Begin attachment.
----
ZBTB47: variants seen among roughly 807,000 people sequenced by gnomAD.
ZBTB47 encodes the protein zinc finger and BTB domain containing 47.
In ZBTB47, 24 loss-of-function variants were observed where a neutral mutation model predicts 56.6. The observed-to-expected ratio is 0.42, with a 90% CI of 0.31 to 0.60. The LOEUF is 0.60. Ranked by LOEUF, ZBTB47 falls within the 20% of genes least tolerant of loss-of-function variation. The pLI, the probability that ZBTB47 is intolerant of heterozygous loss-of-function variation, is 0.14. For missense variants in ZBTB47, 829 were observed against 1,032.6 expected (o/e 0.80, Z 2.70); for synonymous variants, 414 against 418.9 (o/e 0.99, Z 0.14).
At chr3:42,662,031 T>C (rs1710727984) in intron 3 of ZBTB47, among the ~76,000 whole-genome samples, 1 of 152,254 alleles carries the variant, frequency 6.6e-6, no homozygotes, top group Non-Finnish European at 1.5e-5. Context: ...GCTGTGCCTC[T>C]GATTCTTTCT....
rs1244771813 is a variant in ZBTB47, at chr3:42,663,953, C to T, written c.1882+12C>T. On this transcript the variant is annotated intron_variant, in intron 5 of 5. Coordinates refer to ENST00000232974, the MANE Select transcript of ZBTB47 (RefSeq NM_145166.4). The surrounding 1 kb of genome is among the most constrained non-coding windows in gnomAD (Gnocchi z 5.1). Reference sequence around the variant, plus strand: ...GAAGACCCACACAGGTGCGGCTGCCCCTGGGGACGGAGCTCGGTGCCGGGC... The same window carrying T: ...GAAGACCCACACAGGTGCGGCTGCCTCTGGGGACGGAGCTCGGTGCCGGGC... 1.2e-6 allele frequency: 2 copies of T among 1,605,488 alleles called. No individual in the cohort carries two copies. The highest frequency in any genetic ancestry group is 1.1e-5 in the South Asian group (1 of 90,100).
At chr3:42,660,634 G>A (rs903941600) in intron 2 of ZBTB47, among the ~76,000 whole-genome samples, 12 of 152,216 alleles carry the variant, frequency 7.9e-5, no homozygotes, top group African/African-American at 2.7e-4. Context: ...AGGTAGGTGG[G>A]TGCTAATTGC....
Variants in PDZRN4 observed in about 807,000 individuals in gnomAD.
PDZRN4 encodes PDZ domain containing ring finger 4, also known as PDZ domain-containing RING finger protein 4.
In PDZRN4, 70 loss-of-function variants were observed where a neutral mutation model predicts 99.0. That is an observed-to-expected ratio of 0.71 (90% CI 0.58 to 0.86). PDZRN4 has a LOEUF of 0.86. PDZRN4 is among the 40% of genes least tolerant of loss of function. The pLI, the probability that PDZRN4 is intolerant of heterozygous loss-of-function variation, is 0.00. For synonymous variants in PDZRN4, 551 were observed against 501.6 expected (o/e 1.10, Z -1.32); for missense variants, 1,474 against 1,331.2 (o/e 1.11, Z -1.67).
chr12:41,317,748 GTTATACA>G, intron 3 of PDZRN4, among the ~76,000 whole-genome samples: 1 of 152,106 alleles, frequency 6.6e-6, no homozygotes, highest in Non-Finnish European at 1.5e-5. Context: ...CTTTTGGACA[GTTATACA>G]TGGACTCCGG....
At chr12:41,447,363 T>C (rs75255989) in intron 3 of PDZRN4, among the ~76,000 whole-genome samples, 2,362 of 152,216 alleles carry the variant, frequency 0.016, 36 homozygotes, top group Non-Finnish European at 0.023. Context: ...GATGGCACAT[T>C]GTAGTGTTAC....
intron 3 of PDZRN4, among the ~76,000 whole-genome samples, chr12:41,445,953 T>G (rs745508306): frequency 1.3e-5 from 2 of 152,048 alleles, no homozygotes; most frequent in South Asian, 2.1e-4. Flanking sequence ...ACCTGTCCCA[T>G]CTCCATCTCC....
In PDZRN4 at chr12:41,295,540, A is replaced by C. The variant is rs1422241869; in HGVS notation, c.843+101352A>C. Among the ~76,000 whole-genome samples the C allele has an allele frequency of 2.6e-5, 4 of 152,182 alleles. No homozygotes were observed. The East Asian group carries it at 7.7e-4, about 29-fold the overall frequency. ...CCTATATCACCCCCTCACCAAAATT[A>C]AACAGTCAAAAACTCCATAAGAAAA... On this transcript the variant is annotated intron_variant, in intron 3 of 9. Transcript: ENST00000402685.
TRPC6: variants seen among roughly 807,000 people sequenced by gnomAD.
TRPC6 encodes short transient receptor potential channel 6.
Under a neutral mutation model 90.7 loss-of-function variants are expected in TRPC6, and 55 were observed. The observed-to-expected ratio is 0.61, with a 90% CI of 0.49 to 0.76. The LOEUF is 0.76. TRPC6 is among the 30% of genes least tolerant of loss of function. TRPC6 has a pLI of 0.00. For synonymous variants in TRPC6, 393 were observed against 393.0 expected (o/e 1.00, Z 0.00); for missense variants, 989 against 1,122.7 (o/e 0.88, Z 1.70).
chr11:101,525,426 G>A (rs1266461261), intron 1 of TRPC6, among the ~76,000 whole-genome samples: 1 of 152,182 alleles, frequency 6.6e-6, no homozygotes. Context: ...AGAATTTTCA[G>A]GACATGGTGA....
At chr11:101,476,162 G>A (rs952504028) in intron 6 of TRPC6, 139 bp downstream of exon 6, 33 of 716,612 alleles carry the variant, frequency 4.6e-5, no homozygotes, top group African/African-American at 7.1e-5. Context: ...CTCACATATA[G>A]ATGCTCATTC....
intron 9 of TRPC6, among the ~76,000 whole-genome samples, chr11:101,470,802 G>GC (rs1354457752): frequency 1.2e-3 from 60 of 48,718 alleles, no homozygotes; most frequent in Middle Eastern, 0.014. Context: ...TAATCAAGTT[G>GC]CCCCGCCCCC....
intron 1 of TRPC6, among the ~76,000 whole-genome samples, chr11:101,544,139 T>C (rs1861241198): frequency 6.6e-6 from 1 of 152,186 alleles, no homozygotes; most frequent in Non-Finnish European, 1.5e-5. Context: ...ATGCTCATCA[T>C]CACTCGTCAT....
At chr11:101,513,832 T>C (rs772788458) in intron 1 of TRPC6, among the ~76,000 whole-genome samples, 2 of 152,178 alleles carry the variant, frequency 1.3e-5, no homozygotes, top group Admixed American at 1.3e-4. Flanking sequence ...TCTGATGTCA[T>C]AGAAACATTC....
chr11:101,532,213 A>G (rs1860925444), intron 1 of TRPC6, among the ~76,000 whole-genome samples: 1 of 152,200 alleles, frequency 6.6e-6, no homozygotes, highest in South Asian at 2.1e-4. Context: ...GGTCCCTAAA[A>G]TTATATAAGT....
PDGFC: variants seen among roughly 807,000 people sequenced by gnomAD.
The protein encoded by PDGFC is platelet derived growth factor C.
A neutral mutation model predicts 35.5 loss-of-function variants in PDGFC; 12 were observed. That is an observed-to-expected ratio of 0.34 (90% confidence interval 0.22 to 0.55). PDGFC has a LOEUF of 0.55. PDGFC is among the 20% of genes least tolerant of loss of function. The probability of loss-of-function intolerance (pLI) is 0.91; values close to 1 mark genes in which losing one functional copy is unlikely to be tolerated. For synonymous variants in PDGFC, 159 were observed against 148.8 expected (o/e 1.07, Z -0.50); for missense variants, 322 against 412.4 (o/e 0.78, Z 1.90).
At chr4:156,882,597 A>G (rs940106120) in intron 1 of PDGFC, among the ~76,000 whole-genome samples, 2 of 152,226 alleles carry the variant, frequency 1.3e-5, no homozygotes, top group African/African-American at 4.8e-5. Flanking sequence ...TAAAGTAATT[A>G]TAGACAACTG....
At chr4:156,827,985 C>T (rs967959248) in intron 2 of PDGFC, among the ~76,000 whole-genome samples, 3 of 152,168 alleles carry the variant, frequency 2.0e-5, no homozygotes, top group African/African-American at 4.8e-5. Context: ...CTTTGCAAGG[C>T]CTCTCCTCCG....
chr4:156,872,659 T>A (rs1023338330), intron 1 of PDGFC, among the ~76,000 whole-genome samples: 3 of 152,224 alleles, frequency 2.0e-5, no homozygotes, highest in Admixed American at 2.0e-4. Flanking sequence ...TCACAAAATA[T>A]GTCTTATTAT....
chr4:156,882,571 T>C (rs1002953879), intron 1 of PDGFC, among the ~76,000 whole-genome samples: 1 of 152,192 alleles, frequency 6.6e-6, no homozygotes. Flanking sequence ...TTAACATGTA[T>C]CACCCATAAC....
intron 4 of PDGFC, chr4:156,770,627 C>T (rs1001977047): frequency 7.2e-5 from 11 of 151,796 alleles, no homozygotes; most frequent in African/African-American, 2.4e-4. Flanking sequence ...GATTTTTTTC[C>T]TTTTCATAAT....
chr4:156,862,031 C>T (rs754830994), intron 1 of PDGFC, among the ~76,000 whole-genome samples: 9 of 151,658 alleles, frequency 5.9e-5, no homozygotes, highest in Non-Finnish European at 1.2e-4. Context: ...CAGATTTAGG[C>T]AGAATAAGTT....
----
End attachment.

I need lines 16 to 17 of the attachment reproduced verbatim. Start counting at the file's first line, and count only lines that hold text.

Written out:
Under a neutral mutation model 90.7 loss-of-function variants are expected in TRPC6, and 55 were observed. The observed-to-expected ratio is 0.61, with a 90% CI of 0.49 to 0.76. The LOEUF is 0.76. TRPC6 is among the 30% of genes least tolerant of loss of function. TRPC6 has a pLI of 0.00. For synonymous variants in TRPC6, 393 were observed against 393.0 expected (o/e 1.00, Z 0.00); for missense variants, 989 against 1,122.7 (o/e 0.88, Z 1.70).
chr11:101,525,426 G>A (rs1266461261), intron 1 of TRPC6, among the ~76,000 whole-genome samples: 1 of 152,182 alleles, frequency 6.6e-6, no homozygotes. Context: ...AGAATTTTCA[G>A]GACATGGTGA....